Understanding Student Cribs

So, your teenager has been accepted at USC, the celebrations are finally over, and it’s just dawned on you that they will be flying the nest. When your child leaves home for the first time, they have a lot to consider, including how they will eat, manage their money, get around in a new location, and make friends. Even though this may be a trying time for you, you’ll want to do everything you can to prepare them for life away from home. Making sure your teenager has a secure place to stay is one way you can assist. Here are some straightforward recommendations to make their residence safe and welcoming during their stay.

Accommodation type

Once you’ve established a firm spending limit, compare the prices of several student housing options to see where your budget would work best. For example, private or university halls will fit your child best if you’d like them to live with students or want to establish a social circle quickly. Yet, private residence such as USC apartments is your best choice if you want to give them a little more independence. To make a better decision, do some research to help you balance the advantages and disadvantages of each type of lodging. Better still, get expert advice from someone like Tripalink, who helps house students nationwide.


Everyone is aware of how important location is when deciding where to reside, no matter what school you go to. The quicker you get out of bed and to your lectures, the better. Finding out how far houses are from reliable transportation options is vital if a place near the college is too expensive. A location’s accessibility to a university (or a means of getting there) isn’t the only factor to consider. Keep an eye out for nearby conveniences like newsstands, supermarkets, and doctors as you travel to the viewing.


Ensure the student housing has all necessities, including an internet connection, laundry facilities, and kitchen appliances. In addition, ensure the area is pleasant and well-equipped, and don’t scrimp on basic comforts. A gym, pool, and shared lounge are a few extras that some student housing options might provide. You can browse off-campus student housing on this website for an idea of the types of amenities that are available.


There’s no requirement for properties to have a burglar alarm fitted (but it’s a HUGE bonus if you find one that does), so instead, make sure to check that external doors can be properly locked and secured with a chain. Most of the properties you view will feature a Yale-type lock, a door lock with a little lever on the inside that allows for strong interior security. Mortice locks, which utilize thick, toothed keys and are less common, provide high protection on external doors but are less desirable in shared housing due to the safety risk posed if someone is locked inside the building.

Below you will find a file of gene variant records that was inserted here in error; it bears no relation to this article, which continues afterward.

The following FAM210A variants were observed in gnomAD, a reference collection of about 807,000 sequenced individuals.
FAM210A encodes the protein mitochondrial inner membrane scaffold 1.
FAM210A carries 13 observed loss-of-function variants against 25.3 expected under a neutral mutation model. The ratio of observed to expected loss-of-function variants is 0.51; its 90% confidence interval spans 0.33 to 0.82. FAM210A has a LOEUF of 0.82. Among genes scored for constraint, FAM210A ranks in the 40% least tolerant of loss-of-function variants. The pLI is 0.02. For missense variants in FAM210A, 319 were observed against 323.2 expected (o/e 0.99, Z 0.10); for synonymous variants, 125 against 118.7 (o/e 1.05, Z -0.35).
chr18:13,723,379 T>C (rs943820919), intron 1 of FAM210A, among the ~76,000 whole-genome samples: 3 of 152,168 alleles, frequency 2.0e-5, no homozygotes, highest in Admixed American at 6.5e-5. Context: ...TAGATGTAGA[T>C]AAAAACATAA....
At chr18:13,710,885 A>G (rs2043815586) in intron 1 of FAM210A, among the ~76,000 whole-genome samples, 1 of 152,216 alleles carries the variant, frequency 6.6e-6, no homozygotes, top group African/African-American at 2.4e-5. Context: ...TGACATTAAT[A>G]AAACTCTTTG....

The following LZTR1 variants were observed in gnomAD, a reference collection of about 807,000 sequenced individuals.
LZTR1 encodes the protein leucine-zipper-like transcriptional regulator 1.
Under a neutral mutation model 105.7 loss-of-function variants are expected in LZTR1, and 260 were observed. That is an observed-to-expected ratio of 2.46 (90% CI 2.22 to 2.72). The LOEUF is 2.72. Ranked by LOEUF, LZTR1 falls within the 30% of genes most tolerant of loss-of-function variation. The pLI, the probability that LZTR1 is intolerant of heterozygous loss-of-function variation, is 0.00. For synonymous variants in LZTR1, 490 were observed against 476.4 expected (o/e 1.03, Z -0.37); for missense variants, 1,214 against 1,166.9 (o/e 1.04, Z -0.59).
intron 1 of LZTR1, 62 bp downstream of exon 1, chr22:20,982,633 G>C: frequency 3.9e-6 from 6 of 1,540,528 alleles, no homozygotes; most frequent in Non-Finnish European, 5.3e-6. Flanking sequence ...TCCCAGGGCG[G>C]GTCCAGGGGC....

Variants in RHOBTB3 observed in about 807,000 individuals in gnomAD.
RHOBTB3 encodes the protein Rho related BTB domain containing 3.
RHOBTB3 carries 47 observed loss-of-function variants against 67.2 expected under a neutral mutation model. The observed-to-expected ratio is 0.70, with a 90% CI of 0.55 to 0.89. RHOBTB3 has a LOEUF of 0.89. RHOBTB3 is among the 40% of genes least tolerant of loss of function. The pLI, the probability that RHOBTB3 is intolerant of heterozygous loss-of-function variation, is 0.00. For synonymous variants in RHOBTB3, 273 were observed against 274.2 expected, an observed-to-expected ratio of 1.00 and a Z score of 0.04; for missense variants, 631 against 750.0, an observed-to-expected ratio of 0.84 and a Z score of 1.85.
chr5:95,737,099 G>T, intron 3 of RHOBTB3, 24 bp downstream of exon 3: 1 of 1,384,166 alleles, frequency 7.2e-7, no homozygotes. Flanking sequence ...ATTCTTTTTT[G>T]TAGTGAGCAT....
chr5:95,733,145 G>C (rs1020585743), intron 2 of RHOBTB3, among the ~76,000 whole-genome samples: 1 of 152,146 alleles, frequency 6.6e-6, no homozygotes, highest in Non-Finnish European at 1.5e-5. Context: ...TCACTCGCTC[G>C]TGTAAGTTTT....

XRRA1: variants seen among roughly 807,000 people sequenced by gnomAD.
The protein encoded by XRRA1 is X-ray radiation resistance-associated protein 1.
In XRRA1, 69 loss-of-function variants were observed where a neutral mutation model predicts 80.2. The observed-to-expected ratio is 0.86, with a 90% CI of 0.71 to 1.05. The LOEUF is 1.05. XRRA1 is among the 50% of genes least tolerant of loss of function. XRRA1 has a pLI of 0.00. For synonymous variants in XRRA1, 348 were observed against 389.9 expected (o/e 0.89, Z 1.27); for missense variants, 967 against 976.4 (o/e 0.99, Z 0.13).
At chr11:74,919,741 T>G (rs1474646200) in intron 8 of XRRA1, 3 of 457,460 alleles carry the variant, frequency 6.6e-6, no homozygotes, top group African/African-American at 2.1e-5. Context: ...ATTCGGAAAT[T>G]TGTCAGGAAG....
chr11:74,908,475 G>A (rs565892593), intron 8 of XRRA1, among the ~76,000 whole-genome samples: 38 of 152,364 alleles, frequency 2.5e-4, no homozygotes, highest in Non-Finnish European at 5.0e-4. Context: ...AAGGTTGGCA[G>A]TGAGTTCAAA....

Living in an Internet dead zone while attending college is not something you want for your teenager. Their work and research will move more slowly as a result. Also, it prevents them from unwinding with a well-earned Netflix marathon after a demanding day at the library. Hence, once you’ve discovered a suitable property, look into the local broadband speeds. On their websites, the majority of broadband providers feature this kind of tool. Also, ask your neighbors. They can tell if the broadband speeds are as quick as the companies advertise.

Social space

Enjoying yourself and making the most of your college experience is always a good idea. When looking for student housing, decide on a place with activity areas where your teen can hang out with their closest friends and unwind after examinations. These spaces might resemble a little gym, a café, or a basketball court. Ask if there are any nearby locations where students may visit to relax and have some free time if the property lacks any activity areas.

Final thoughts

Parenting is a lifetime profession that requires full-time dedication. You still care about and worry about your children just as much as you did when they were newborns. Kids still have a lot of crucial life skills to learn. College is a young person’s first significant step out of the safety and security of home and into the “real world,” so, understandably, it might cause a tornado of emotions in both the students and their parents. Yet, it’s a once-in-a-lifetime chance to create experiences and connections that will undoubtedly last a lifetime. Hopefully, this article will put parents’ minds at ease and give the students moving to USC plenty to ponder.